Photo above is of Dr. Catherine Chandler-Crichlow.
By Neil Armstrong
Pride Contributing Writer
BRAMPTON, Ontario – Dr. Catherine Chandler-Crichlow, executive director of the Centre of Excellence for Financial Services Education, says one of the key aspects of leadership is the celebration of success.
She says excellence is a mix of three main areas: having a passion for something that drives one to continue to do well, taking action, and having a moral compass.
Chandler-Crichlow was the keynote speaker at the United Achievers’ Club 30th annual scholarship and recognition awards held at the Courtyard by Marriott Hotel in Brampton on September 20.
Using examples of the world’s fastest man, Usain Bolt; Hip Hop star, Drake; and hockey ace player, P.K. Subban, she said they are young people, three luminaries, who are consistently excellent in their field and recognized for something that they do and that they believe in.
She charged the 17 award recipients to think about what they will be doing as their contribution to the community, to volunteer their time to younger ones, and to ensure that they build the skills and competencies to make them leaders of today.
She described the use of the term, “a leader of tomorrow,” as a procrastination of leadership by many in society, noting that young people are leaders today.
“Let us not rest on our laurels. Let us not take for granted the development in our community. Let us not be the ones not being at the front of the line to ensure that we contribute to after-school programs, to continue to be mentors for youth, to be actually doing something, taking some action to ensure that we build a community that we will all value and respect, and feel safe in, in the future.”
Regarding a moral compass, Dr. Chandler-Crichlow said there are no shortage of examples today, on television, of public dignitaries who believe that the public purse is for tapping into for travel or whatever.
“We need to continue to have, not only in our public service, we need to have among us all a commitment to be doing what is right, to know what is right and to ensure that we stand for those ethics that we believe in – a strong moral compass.”
The scholarship recipients are: Mary Ajenifuja, Rachel Bair, Cameron Blake, Jamila Brown, Kyanna Brown, Natasha Daley, Amanda David, Vissy Elad, Jayde Forde, Asha Gordon, Kamoi McWhinney, Georgina Omoro, Chantal Phillips, Aishat Shipeolu, Ashelley Smith, Tianna Thomas and James Tulloch.
Blake, 18, a student in the Bachelor of Commerce, Business Technology Management Program at Ryerson University, is a graduate of North Park Secondary School and feels that he has “accomplished something pretty big.” He and Tulloch, a student in the BFA Music Program at York University are the only two young men among the recipients.
At the age of 14, Blake assisted with technical aspects of the municipal election campaign of former city councillor, Garnett Manning, who was running for mayor of Brampton in 2010.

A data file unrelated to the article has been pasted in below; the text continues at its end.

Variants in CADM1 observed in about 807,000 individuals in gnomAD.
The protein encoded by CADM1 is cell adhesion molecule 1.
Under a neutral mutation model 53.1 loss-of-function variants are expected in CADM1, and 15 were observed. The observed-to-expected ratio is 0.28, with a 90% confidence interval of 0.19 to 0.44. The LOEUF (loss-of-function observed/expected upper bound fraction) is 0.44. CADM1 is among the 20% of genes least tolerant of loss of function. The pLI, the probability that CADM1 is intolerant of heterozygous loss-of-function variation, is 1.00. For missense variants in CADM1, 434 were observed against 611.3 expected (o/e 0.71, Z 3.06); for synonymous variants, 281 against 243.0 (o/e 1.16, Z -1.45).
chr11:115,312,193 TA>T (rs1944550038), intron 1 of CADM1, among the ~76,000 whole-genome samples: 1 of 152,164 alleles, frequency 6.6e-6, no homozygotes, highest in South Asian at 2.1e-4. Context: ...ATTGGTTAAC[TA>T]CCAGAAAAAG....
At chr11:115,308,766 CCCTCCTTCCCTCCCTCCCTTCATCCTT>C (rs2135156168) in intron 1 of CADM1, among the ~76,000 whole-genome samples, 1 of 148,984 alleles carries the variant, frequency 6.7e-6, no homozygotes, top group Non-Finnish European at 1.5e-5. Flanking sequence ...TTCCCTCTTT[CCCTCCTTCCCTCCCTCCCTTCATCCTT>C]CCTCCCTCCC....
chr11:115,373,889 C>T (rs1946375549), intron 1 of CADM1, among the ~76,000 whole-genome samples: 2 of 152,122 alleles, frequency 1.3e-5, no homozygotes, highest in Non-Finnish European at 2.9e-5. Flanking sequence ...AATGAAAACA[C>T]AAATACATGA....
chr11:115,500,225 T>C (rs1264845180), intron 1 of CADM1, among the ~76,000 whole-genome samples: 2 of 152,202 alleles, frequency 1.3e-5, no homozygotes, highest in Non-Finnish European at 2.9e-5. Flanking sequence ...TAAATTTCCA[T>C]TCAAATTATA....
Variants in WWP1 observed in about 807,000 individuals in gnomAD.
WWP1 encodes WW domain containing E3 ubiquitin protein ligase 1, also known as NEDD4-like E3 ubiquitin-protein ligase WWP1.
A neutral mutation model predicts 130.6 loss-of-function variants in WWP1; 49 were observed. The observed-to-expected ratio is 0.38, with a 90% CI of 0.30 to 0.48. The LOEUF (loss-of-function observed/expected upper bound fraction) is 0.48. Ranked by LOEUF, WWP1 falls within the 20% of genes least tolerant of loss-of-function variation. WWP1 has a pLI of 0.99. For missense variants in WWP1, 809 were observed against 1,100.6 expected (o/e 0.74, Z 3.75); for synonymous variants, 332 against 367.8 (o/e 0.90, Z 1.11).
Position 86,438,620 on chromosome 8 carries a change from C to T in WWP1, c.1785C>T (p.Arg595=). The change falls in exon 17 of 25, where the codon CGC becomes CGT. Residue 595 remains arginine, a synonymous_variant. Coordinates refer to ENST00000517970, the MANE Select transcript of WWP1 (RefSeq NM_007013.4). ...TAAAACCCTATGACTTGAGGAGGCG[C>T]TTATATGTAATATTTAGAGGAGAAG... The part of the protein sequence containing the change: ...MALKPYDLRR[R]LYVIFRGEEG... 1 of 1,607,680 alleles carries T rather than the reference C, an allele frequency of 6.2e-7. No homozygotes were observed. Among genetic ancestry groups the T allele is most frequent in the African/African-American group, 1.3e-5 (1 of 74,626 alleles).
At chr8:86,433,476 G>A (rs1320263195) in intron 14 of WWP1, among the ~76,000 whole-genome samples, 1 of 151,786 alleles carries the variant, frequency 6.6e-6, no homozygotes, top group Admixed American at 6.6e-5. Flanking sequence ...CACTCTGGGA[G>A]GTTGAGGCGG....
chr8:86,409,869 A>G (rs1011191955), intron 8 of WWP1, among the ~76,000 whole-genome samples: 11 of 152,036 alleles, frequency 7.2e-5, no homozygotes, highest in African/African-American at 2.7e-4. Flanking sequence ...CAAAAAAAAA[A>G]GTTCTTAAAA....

He helped to set up the audio system at Kennedy Square where Manning had an event and also distributed signs and flyers to homes in the city.
Now that he is eligible to vote, he plans to do so in the October 27 municipal election.
After completing his undergraduate studies, he wants to pursue an MBA at Ryerson or the University of Toronto, to become a chief technology officer or to open his own business eventually.
Smith, 18, says she has been through a lot in life and the scholarship has “really enlightened me and I have more confidence in myself that I can do anything.”
The graduate of St. Edmund Campion Secondary School is hoping that she will be an inspiration to other students and is enrolled in the Broadcasting-Radio Program at Humber College.
Her outgoing personality led her to become involved in several extracurricular and volunteer activities, including serving meals at an annual event at her high school, as a law clerk and as an Ontario Liberal Party scrutineer.
Passionate about journalism, Smith said she has a high curiosity and wants to know about everything. She has given up her work schedule to volunteer every Wednesday at Rogers TV because this is what she wants to do.
After her studies at Humber College, she wants to transfer her credits to achieve a degree at McMaster University, Carleton University or Ryerson University.
Lucinda Sloley, president of United Achiever’s Club, said the students were awarded based on their academic achievement, extracurricular activities and community involvement.
Delores Hoppel received the Senior Citizen Award, which was established to recognize the contributions of the members of the United Achievers’ Seniors group.
The Community Leadership Award was presented to Dr. Matthew Weekes who gives generously of his time, talent and finances to the benefit of others.
Dr. Weekes and his daughter, Dr. Darlene Weekes, sponsor an annual scholarship presented to students.
“Dr. Weekes is a fine example of a man who leads by example – quietly and selflessly,” notes the write-up on him in the programme.
The United Achievers’ Club of Brampton is a non-profit organization established in 1980 to provide avenues through which Canadians of Black and Caribbean heritage could express their culture and add to the rich multicultural blend of Peel Region.